Competitive breath-hold divers try to achieve maximum times, depths, or distances underwater, thereby risking hypoxic syncope. In the present study, the cardiorespiratory responses to dynamic apnea (simultaneously initiated apneas and dynamic leg exercise) were investigated in 10 breath-hold divers. The divers performed 60 s dynamic apneas with the face in air (A) or face immersed in cold water (AFI). During apneas, the arterial oxygen saturation was reduced (A: -10%), but to a lesser extent during AFI (-6%, P<0.01), reaching a nadir 10-15 s post-apnea. Also, changes in end-tidal O(2) and CO(2) pressures (P(et)O(2)/P(et)CO(2)) were smaller during AFI than A (DeltaP(et)O(2): 8.2 vs 8.7 kPa, P<0.01; DeltaP(et)CO(2): 3.1 vs 3.2 kPa, P<0.05). The heart rate was lower during AFI than A (66 vs 78 bpm, P<0.01), reflecting an augmented diving response during AFI. The maximum safe breath-hold time under the conditions of the present study was calculated to be 101 and 106 s for A and AFI, respectively, consistent with the dynamic apnea times achieved by world-class apnea divers. It is concluded that the augmented diving response during face immersion apneas is associated with a slower reduction of the pulmonary (and arterial) oxygen store, probably delaying the occurrence of a hypoxic syncope.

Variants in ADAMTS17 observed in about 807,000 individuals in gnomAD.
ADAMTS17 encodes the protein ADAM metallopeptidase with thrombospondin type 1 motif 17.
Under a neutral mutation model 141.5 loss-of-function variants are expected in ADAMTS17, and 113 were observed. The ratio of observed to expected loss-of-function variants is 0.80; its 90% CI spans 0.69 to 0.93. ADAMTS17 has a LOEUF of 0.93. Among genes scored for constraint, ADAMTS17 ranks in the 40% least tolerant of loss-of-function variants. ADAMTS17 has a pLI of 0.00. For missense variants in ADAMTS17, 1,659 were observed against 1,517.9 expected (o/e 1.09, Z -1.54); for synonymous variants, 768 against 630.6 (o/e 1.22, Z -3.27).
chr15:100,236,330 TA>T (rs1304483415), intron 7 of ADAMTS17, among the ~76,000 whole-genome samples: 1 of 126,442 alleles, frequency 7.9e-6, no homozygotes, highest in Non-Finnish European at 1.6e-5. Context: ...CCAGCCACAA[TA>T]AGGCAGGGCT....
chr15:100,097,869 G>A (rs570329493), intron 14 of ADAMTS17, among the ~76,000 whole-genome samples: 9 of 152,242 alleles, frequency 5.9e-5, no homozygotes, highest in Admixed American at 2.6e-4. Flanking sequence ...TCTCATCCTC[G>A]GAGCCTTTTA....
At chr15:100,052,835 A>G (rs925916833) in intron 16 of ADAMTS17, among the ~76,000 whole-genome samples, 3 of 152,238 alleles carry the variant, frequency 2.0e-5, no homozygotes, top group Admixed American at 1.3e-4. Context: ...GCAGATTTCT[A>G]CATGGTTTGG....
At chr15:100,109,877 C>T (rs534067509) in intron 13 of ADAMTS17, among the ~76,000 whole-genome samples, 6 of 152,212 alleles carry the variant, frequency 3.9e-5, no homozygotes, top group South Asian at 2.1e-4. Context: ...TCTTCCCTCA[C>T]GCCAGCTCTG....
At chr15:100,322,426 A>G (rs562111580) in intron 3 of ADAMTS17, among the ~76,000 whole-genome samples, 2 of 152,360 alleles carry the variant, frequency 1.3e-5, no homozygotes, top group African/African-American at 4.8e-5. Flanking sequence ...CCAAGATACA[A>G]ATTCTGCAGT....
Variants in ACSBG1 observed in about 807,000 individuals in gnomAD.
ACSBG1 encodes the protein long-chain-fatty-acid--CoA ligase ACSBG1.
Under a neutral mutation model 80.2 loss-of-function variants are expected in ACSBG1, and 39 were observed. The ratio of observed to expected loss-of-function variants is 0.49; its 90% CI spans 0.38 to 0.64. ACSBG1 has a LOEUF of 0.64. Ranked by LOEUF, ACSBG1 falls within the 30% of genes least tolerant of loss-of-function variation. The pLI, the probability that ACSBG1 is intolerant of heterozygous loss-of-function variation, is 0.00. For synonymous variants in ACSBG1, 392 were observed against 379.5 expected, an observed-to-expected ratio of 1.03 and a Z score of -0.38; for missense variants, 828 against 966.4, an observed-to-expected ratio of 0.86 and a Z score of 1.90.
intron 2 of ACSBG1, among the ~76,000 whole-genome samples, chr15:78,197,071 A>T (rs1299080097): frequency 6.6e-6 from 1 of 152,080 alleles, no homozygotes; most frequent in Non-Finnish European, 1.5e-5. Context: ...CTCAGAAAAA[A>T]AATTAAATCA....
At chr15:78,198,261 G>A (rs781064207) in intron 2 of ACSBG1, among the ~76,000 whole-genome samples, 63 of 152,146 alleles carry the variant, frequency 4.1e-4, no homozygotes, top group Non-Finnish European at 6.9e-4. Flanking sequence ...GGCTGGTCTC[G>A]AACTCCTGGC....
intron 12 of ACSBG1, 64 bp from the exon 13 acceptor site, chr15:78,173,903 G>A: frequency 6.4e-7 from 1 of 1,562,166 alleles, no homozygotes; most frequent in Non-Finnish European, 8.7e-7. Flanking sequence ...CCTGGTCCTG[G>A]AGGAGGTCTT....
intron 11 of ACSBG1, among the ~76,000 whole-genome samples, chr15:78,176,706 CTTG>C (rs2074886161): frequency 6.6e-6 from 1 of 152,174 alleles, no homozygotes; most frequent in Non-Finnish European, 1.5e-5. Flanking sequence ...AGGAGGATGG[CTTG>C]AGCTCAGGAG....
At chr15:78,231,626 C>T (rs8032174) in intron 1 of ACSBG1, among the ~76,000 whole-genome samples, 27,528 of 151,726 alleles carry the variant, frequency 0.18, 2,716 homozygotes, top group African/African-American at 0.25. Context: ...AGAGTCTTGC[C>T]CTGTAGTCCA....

|Journal||Scandinavian Journal of Medicine & Science in Sports|
|Publication status||Published - 2009|
Subject classification (UKÄ)
- Sport and Fitness Sciences